“Now, staff members at the Medical School’s Countway Library are reviving the initiative with a 21st-century twist. They’re planning to assemble new boxes of replica human bones and skulls rendered through 3D printing in a program they’re calling Beyond the Bone Box….

The library houses an anatomical museum, which is expected to preserve rare anatomical specimens in perpetuity, but as part of the library system, it also has an educational mission. Creating 3D models of rare specimens allows the museum to safeguard the originals while still allowing Countway’s special collections to be used as teaching tools….

“A bone box is mostly about access,” Hall said. “With a collection that has human remains in it … education is critical to your existence. Otherwise this is just a strange horde that you never share, and ethically that’s irresponsible.” …”

ASECS at 50: Interview with Robert Darnton

“Of the potential solutions, open research practices are among the most promising. The argument is that transparency acts as an implicit quality control process. If others are able to scrutinise our work—not just the final published output, but the underlying data, code, and so on—researchers will be incentivised to ensure these are high quality.

So, if we think that research could benefit from improved quality control, and if we think that open research might have a role to play in this, why aren’t we all doing it? In a word: incentives….”

OpenSDP | Strategic Data Project

“Harvard’s Strategic Data Project works with education agencies to find and train data leaders to uncover trends, measure solutions, and effectively communicate evidence to stakeholders. Our inspiring network of system leaders, fellows, and faculty come together to share how to best use data to make a difference in the lives of students….

The Strategic Data Project is a diverse, passionate community of education leaders, data strategists, and faculty committed to using data to help all students succeed. Together, we are driving data-informed change in over 125 school systems and organizations….

Since 2008, SDP has partnered with school districts, charter networks, state agencies, and nonprofit organizations across the country and around the world to bring high-quality research methods and data analysis to bear on education management and policy decisions.

An initiative of the Center for Education Policy Research (CEPR) at Harvard University, SDP was formed on three fundamental premises: 

1) Policy and management decisions can directly influence schools’ and teachers’ ability to improve student achievement.

2) Valid and reliable data analysis significantly improves the quality of decision making.

3) Building an agency’s internal capacity to conduct rigorous data analysis is critical to producing and sustaining evidence-driven decisions….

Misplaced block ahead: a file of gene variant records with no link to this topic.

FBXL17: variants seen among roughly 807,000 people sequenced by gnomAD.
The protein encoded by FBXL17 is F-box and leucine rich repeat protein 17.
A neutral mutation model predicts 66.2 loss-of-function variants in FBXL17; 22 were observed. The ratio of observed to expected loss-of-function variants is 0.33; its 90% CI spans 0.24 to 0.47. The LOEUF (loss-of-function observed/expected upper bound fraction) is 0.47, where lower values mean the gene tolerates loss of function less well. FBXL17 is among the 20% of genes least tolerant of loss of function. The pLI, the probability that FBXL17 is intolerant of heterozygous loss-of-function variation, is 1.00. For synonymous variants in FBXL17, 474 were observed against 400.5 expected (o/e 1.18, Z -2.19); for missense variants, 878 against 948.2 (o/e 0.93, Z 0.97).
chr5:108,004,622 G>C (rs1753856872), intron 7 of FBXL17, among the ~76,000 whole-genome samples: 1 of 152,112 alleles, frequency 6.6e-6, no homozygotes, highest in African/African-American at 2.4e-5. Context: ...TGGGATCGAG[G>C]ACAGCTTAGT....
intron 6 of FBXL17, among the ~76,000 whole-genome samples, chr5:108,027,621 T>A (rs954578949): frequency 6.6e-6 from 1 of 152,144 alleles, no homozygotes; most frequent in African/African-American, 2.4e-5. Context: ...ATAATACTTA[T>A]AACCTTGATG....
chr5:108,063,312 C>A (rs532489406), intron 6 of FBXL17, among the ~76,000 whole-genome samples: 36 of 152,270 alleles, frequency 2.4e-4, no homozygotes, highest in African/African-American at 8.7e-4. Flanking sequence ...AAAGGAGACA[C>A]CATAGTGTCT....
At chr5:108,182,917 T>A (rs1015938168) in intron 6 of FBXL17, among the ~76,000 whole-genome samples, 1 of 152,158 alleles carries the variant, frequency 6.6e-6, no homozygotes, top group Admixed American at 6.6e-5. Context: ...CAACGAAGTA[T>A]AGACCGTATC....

OpenSDP is an online, shared community of analytic code, tools, and trainings to foster collaboration among education analysts and researchers. Housed on GitHub, users have access to code and tutorials for every stage of the analytic cycle, from preparing and standardizing user data to conducting analyses and producing visualizations. …”

MIT Press and Harvard Data Science Initiative launch the Harvard Data Science Review | MIT News

“The MIT Press and the Harvard Data Science Initiative (HDSI) have announced the launch of the Harvard Data Science Review (HDSR). The open-access journal, published by MIT Press and hosted online via the multimedia platform PubPub, an initiative of the MIT Knowledge Futures group, will feature leading global thinkers in the burgeoning field of data science, making research, educational resources, and commentary accessible to academics, professionals, and the interested public. With demand for data scientists booming, HDSR will provide a centralized, authoritative, and peer-reviewed publishing community to service the growing profession….”

Harvard and MIT team up to launch peer-reviewed data science journal | News | Harvard T.H. Chan School of Public Health

“The Harvard Data Science Initiative and MIT Press have launched the Harvard Data Science Review (HDSR), an open-access peer-reviewed journal that serves as a centralized and authoritative outlet for the burgeoning field of data science.

The journal will feature expert overviews of complex ideas and topics from leading thinkers with direct applications for teaching, research, business, government, and more, according to a July 15, 2019 MIT Press article….”

Het Harvard Open Access-licentiemodel in het Nederlands recht

From Google’s English: “Many US universities can publish scientific articles directly open access. They makeuse the Harvard open access licensing model for this. This article examines whether the Harvardlicensing model under Dutch law is permitted. That appears to be the case. That makes it for authors and institutions in the Netherlands very easy to meet the open access requirements of grant providers,as recently formulated in Plan S.”